So, would you characterize an insulin crash as “very difficult or unpleasant”? What about cancer treatment? Or a stroke? Or chronic pain from rheumatoid arthritis?

These questions and the definition are the long way around to my point that health challenges are frequently traumatic. They include pain, disruption in life, and other major stresses. And surviving a traumatic event puts you at risk for developing post-traumatic triggers.

What’s a Post-Traumatic Trigger?

Good question. A post-traumatic trigger is something that creates a reminder or re-visiting of your initial traumatic experience. That means that nearly anything can be a trigger, because your brain created a unique set of associations with your initial trauma. Some frequently identified triggers are tests or scans, doctor’s appointments, the smell or sound of hospitals or hearing about someone else’s health challenges.

What Happens if I’m Triggered?

The experience of trauma and post-traumatic stresses is different from person to person. A few of the most common responses are freezing, flooding, or dissociating. These are only a few types of response, there are many other possibiliteis as well. Let’s look at the most common responses a bit more:

  • Freezing: When faced with a post-traumatic trigger, you may find yourself feeling unable to move, act or respond. This can include either physical or mental responses.
  • Flooding: Flooding includes an intense rush of physical and emotional sensations. If you don’t know that you have been triggered, you may feel completely taken off guard.
  • Dissociating: Dissociating is a fancy word for “completely disconnecting”. Most of us have some experiences of dissociation pretty regularly–have you ever gotten home and not remembered your drive? You were dissociated while you were driving. If you experience a post-traumatic trigger, you may dissociate (it happens automatically) and then find yourself “checking back in” without knowing what happened.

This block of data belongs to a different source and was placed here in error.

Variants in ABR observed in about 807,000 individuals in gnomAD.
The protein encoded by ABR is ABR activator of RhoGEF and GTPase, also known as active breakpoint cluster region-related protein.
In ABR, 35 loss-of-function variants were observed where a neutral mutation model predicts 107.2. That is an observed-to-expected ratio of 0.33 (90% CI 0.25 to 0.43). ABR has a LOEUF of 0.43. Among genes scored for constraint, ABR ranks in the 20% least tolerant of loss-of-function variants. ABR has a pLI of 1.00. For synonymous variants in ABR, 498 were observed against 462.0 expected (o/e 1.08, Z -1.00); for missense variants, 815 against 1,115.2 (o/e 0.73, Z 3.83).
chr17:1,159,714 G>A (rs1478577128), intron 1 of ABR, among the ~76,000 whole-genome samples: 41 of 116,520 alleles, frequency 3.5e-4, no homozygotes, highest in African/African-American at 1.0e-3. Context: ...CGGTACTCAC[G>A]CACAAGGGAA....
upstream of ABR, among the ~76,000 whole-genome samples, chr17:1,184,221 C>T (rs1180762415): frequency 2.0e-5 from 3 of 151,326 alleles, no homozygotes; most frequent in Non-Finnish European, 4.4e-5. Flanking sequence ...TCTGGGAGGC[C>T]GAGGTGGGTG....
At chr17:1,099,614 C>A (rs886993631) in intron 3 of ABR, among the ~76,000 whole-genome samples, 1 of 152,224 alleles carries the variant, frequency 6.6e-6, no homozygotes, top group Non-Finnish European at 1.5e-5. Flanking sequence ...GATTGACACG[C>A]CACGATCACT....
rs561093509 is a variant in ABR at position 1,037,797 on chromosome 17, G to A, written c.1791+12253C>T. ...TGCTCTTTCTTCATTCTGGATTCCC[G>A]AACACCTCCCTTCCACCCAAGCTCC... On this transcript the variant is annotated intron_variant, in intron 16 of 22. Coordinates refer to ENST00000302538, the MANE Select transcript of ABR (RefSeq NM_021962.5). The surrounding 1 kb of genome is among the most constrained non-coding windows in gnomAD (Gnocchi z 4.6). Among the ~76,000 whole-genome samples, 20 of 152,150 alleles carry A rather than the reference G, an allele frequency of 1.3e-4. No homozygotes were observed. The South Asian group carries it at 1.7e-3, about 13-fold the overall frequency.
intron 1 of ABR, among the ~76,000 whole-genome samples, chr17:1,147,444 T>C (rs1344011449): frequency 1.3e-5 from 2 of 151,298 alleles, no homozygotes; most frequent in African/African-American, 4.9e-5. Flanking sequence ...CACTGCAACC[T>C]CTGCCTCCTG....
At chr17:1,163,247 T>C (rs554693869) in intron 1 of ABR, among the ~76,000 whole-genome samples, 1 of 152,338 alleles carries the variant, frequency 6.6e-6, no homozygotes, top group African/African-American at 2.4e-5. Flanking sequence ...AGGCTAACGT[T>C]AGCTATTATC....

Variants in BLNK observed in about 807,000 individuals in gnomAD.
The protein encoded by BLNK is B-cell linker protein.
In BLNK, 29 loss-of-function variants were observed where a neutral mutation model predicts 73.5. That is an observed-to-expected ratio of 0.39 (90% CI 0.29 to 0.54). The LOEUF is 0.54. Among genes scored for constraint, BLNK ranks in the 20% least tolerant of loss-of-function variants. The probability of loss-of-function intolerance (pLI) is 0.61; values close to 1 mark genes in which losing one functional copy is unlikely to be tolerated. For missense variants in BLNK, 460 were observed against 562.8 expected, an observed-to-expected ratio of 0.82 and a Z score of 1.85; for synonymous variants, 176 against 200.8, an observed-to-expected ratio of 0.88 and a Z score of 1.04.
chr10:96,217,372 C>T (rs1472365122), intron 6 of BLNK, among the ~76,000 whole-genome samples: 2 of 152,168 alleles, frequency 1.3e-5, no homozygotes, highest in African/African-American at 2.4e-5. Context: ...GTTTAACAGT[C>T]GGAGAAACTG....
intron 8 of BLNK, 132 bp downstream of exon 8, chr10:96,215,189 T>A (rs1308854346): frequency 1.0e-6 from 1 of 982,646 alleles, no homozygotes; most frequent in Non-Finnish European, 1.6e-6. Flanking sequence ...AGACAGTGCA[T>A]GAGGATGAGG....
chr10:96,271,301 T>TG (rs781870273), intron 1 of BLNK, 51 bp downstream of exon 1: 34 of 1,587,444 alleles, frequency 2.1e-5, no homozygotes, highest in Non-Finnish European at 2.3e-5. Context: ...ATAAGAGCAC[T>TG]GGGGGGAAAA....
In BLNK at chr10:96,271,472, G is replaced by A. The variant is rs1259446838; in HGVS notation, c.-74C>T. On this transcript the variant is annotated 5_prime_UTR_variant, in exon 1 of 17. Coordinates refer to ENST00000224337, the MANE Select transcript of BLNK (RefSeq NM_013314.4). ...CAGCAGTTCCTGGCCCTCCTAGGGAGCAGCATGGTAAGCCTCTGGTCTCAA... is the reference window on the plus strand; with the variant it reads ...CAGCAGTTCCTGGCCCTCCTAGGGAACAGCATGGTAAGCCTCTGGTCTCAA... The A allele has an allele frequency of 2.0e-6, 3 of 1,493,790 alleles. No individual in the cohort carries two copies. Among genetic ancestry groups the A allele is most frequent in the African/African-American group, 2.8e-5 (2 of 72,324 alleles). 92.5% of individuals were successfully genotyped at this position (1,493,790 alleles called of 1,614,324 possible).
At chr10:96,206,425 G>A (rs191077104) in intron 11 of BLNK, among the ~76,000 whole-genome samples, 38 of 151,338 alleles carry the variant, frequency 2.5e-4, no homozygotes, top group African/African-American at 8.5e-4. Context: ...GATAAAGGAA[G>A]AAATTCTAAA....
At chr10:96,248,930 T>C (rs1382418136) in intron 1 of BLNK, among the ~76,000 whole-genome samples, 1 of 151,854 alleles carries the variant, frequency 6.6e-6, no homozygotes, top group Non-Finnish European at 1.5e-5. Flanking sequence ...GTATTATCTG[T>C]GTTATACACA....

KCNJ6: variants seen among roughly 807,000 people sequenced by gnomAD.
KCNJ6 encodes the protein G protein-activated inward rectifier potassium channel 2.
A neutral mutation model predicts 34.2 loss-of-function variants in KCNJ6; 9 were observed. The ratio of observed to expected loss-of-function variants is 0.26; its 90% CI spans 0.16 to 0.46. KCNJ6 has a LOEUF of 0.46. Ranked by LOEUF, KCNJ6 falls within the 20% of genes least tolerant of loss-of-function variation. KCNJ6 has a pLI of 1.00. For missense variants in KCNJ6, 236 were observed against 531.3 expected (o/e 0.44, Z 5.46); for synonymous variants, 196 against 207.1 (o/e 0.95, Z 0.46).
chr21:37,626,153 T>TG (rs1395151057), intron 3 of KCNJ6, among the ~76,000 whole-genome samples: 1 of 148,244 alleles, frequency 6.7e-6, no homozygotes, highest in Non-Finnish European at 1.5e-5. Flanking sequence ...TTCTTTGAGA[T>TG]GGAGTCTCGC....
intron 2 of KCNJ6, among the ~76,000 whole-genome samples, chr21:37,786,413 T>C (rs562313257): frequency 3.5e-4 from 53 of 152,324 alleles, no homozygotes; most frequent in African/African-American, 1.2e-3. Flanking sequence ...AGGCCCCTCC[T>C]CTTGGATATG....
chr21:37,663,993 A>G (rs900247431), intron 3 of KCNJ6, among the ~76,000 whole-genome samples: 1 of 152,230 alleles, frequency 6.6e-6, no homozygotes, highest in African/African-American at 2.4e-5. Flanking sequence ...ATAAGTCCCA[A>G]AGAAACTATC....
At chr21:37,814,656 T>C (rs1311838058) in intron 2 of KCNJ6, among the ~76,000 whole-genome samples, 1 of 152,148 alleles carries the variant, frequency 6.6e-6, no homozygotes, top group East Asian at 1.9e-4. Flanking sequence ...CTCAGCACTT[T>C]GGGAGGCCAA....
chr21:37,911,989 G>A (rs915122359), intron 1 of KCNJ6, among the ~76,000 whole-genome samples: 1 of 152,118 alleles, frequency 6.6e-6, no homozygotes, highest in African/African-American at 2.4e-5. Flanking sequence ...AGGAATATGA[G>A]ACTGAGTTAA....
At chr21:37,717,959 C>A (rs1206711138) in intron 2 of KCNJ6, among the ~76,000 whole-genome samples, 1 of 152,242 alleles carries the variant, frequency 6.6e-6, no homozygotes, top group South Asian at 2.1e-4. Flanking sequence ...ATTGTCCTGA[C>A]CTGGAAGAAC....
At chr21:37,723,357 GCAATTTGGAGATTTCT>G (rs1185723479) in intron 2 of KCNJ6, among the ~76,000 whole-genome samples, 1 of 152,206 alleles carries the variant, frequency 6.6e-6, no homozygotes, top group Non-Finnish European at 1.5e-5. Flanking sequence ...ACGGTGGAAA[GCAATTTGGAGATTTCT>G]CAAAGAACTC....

So Then What?

I don’t know about you, but many of my clients are initially relieved to have some labels that help their responses make sense. However, once the relief of being able to name and understand post-traumatic responses wears off, they also want tools to help with those responses.

There are lots of resources for coping with PTSD and post-traumatic triggers. Here are a few easy-to-learn strategies that you can begin right away:

  1. Know what is happening. There is huge relief in being able to name the fact that you have had a traumatic experience and that you may experience future triggers. You’re not losing control. You are having a natural response to a painful event.
  2. Use breathing to help ground you in your body and mind. Even 3-5 slow, deep breaths will help you move away from a triggered state and into a more comfortable relationship with your body.
  3. Remind yourself that you are safe and out of immediate danger. Trauma responses are part of your body’s emergency protection system, and reminding your brain of your safety can help lower the response level.
  4. Be aware that you probably won’t know all of your triggers–post-traumatic stress can sneak up on you. Be patient with yourself as you move through the cycle of identifying and responding to triggers.
  5. Ask for help. Support groups and therapy can be good places to get additional coping support.

Have you been through this yourself? I’d love to hear your favorite strategy in the comments. And if you need help, you are always free to reach out to me.

Beyond Behavioral Health